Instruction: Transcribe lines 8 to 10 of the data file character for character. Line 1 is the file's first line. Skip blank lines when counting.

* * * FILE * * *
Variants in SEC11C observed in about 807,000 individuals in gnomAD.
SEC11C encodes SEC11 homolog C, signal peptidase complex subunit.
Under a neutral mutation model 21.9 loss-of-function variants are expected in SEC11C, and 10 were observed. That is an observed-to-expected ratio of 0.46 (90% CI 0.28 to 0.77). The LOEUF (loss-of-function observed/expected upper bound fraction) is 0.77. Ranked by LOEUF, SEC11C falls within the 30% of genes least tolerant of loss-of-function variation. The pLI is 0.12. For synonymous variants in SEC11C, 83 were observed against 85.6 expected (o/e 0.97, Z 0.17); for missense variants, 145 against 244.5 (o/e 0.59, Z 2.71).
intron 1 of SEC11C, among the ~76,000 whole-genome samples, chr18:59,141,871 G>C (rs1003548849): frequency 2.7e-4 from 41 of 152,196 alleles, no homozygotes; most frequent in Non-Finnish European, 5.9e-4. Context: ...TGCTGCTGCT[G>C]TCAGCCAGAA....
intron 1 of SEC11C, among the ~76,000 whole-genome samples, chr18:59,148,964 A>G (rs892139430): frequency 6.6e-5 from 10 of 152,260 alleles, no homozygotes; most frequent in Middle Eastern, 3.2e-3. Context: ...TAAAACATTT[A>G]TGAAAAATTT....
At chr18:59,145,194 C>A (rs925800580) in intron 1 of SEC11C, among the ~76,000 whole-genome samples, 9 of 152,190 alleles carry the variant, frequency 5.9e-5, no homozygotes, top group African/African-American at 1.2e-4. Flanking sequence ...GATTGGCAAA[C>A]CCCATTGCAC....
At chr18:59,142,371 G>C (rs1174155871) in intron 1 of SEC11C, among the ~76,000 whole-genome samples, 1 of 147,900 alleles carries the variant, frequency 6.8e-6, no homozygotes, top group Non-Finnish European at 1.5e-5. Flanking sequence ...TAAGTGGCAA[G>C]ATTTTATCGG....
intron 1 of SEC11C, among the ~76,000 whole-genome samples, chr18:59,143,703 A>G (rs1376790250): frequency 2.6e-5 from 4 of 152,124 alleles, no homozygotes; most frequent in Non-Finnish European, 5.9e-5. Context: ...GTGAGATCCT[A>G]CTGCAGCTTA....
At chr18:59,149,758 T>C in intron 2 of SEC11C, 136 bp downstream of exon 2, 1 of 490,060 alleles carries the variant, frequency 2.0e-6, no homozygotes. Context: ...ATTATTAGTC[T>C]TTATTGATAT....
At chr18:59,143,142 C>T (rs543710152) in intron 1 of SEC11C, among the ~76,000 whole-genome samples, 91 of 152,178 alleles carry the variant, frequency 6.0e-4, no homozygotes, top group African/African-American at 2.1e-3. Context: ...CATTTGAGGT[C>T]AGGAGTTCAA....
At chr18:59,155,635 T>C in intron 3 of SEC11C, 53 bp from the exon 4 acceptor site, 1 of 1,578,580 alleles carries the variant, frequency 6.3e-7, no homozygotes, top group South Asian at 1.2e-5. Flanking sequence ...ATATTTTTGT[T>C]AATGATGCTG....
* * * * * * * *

intron 1 of SEC11C, among the ~76,000 whole-genome samples, chr18:59,143,703 A>G (rs1376790250): frequency 2.6e-5 from 4 of 152,124 alleles, no homozygotes; most frequent in Non-Finnish European, 5.9e-5. Context: ...GTGAGATCCT[A>G]CTGCAGCTTA....
At chr18:59,149,758 T>C in intron 2 of SEC11C, 136 bp downstream of exon 2, 1 of 490,060 alleles carries the variant, frequency 2.0e-6, no homozygotes. Context: ...ATTATTAGTC[T>C]TTATTGATAT....
At chr18:59,143,142 C>T (rs543710152) in intron 1 of SEC11C, among the ~76,000 whole-genome samples, 91 of 152,178 alleles carry the variant, frequency 6.0e-4, no homozygotes, top group African/African-American at 2.1e-3. Context: ...CATTTGAGGT[C>T]AGGAGTTCAA....